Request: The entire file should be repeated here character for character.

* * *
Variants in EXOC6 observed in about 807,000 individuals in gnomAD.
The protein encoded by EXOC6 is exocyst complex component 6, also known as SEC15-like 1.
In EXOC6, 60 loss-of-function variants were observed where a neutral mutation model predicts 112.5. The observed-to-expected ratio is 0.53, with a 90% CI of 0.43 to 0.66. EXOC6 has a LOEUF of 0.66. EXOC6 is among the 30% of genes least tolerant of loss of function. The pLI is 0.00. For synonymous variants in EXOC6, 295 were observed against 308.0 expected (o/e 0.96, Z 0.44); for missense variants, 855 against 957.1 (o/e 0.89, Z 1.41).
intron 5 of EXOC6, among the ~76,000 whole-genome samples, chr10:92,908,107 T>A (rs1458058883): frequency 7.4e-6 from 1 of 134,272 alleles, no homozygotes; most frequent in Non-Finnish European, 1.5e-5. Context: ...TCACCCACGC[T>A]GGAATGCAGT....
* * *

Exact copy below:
Variants in EXOC6 observed in about 807,000 individuals in gnomAD.
The protein encoded by EXOC6 is exocyst complex component 6, also known as SEC15-like 1.
In EXOC6, 60 loss-of-function variants were observed where a neutral mutation model predicts 112.5. The observed-to-expected ratio is 0.53, with a 90% CI of 0.43 to 0.66. EXOC6 has a LOEUF of 0.66. EXOC6 is among the 30% of genes least tolerant of loss of function. The pLI is 0.00. For synonymous variants in EXOC6, 295 were observed against 308.0 expected (o/e 0.96, Z 0.44); for missense variants, 855 against 957.1 (o/e 0.89, Z 1.41).
intron 5 of EXOC6, among the ~76,000 whole-genome samples, chr10:92,908,107 T>A (rs1458058883): frequency 7.4e-6 from 1 of 134,272 alleles, no homozygotes; most frequent in Non-Finnish European, 1.5e-5. Context: ...TCACCCACGC[T>A]GGAATGCAGT....